Anywho...  It has been awesome so far.  We have gone places that Americans or white people very rarely go.  Heck, even Jamaicans are like, "I don't go there.  You went there?!"  The really neat thing is that it is very safe because we are with the youth.  There has not been any incident at all.  Not that we are not cocky.  We make sure to go at good hours.  That we are out before dark.  That we have a larger youth group with us with at least one community member for every consultant/filmguy there.  That way we can look out for each other.  But it is safe.  I have met some really wonderful people.  The Jamaicans are very skeptical at first, but really warm up fast.  They live hard lives, often violent lives, but are very filled with faith and hope for the future.  It is always inspiring to see that.  It is very humbling.  
This is downtown Kingston.  I strapped a GoPro camera to my chest and walked around.  I guess it was kind of inconspicuous... I don't know.  People didn't ask me about it.  Downtown is one huge crazy informal market.  Kind of fun.
Anyways, on the lighter side.  They do love Reggae music.  They do smoke ALOT of weed.  We get offered some daily.  Everybody has it.  We are careful not to go into houses that smell a certain way (no hot boxing).  They love to joke.  They have pretty much two languages.  English and Patois (pronounced paa-twa).  They speak English to us (with the thick Jamaican accent) and they speak Patois and a mix of English to each other.  It is crazy to hear.  You can't understand them at all.  Kind of cool.  Things are about the same price as they are in the US.  $1USD equals about $85Jamaican.  Lunch costs about $350 Jamaican.  ish.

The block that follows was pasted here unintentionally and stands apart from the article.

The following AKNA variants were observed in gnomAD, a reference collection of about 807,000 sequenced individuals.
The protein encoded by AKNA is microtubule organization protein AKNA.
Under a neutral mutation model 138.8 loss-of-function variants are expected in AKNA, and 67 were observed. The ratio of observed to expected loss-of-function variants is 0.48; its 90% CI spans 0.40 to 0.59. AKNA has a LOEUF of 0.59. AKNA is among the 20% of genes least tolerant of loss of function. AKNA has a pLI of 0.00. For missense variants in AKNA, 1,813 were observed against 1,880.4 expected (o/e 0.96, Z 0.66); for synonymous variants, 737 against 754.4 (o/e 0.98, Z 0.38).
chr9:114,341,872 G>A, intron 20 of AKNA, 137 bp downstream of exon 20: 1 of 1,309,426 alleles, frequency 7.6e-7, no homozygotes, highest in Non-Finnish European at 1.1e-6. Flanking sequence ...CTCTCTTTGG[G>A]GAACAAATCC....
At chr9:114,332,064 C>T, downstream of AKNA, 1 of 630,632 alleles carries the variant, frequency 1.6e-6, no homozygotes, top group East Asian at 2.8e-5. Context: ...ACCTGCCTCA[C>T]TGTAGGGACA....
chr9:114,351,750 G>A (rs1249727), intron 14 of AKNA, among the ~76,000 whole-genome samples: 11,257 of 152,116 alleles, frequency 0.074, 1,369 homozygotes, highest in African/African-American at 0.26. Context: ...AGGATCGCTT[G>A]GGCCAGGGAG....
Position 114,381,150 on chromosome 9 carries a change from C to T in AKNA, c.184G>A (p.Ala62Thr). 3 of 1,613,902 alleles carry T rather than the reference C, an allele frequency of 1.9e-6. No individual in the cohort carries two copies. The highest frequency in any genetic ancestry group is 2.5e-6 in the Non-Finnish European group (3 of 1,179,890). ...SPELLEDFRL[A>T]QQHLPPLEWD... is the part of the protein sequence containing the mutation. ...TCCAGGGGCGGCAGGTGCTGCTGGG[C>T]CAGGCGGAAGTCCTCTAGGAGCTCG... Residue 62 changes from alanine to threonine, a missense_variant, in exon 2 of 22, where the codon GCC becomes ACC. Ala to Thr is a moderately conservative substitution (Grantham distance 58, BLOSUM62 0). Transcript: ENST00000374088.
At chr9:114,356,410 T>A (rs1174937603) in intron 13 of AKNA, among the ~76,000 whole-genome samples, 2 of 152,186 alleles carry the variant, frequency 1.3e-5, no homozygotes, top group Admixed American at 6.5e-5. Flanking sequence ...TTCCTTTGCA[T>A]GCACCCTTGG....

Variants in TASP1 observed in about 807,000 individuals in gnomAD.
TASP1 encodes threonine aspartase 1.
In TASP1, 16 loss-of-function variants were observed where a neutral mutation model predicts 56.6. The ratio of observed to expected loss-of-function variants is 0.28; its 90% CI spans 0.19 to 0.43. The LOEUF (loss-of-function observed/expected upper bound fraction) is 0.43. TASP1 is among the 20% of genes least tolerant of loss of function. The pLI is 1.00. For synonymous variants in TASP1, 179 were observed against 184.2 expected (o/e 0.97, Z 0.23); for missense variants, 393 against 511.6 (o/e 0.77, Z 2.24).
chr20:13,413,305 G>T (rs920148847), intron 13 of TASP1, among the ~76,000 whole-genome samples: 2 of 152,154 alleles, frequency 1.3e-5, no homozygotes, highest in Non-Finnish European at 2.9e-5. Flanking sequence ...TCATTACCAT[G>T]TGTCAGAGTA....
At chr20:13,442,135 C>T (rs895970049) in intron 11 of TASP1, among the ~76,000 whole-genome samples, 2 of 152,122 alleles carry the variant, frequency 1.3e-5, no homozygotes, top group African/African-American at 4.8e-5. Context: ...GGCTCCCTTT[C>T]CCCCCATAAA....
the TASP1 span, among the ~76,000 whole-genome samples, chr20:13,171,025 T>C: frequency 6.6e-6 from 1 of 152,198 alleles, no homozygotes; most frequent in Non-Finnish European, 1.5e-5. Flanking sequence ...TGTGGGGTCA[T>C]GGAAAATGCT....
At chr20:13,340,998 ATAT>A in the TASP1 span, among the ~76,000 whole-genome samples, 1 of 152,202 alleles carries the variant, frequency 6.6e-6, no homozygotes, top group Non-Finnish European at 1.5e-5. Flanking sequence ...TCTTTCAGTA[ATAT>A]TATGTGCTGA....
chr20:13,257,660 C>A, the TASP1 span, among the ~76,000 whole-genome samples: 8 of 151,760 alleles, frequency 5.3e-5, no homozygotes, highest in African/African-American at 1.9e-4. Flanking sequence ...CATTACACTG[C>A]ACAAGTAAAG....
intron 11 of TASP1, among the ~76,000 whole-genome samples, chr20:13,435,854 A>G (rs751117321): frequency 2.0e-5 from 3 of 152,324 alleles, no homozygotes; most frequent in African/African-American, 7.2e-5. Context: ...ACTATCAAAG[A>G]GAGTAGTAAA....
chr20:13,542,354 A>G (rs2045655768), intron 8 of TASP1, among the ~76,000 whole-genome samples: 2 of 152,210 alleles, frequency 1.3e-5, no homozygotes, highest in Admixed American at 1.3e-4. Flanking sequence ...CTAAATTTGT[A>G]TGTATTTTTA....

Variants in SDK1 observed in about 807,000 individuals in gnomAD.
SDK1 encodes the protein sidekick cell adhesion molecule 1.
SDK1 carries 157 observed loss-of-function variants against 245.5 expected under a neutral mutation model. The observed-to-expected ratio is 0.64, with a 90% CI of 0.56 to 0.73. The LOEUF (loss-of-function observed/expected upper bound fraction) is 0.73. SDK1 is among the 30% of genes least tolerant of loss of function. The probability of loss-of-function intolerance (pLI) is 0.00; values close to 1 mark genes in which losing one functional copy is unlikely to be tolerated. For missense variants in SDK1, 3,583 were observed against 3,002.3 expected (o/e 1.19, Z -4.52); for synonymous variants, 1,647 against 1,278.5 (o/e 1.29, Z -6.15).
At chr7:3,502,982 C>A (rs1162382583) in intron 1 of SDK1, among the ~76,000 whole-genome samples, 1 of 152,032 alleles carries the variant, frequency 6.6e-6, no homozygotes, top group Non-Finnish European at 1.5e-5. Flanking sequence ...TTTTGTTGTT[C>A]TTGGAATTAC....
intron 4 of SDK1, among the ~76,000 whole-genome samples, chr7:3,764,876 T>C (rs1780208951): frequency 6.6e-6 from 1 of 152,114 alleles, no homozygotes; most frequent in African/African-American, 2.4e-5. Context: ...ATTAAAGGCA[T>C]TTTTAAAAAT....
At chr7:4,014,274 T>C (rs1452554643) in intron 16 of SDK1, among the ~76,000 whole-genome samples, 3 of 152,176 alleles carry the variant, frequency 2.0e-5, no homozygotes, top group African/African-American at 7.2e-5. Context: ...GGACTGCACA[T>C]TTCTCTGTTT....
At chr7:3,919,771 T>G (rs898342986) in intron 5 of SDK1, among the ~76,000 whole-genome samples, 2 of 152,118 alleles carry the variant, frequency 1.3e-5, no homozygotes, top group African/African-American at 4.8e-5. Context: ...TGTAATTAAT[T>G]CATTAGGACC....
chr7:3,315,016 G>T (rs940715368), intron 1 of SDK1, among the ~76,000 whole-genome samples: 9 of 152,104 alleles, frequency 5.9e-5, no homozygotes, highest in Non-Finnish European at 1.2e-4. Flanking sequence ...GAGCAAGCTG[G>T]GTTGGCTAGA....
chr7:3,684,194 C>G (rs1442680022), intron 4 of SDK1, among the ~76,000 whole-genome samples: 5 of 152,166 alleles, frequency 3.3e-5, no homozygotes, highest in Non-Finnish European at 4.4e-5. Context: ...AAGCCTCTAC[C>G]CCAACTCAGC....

I love you all. Thanks for your support and prayers!

Before we go out, we have a meeting with the group for a couple reasons.  One is to get them stoked about what we are doing and teach them about it.  The second reason is to make sure enough youth show up to allow us to go out.  Youth is ages 18-29 in this instance


Angela said...

This is such a great thing to read about! My husband and I went to Jamaica for our honeymoon...ya know...on the "safe" side of the island...but quite honestly, the streets look the same as they do in these images. The people are pretty destitute. They live hard lives, but you can't usually tell based on their dispositions (which may be because of joy...or maybe cuz of weed.) Outside of the resorts, everything in Jamaica looks the same. The drivers are terrible. There are always goats on the side of the road...or in the road. Lots of people have dreds. I hate Bob Marley music after spending a week there, but I love Bryan Adams music played on a steel drum and sung by some locals. That was awesome. :-)

I'l continue to keep Travis and his crew in my prayers! I'm happy to know that God is taking care of them and keeping them out of harm's way, thus far!


Celia said...

Travis is so great. I enjoyed reading his email and hearing about what he is doing there. I'm excited to see the movie once it is done!

(also, you deserve all sorts of awards for staying at home with two infants while your husband is working in JAMAICA)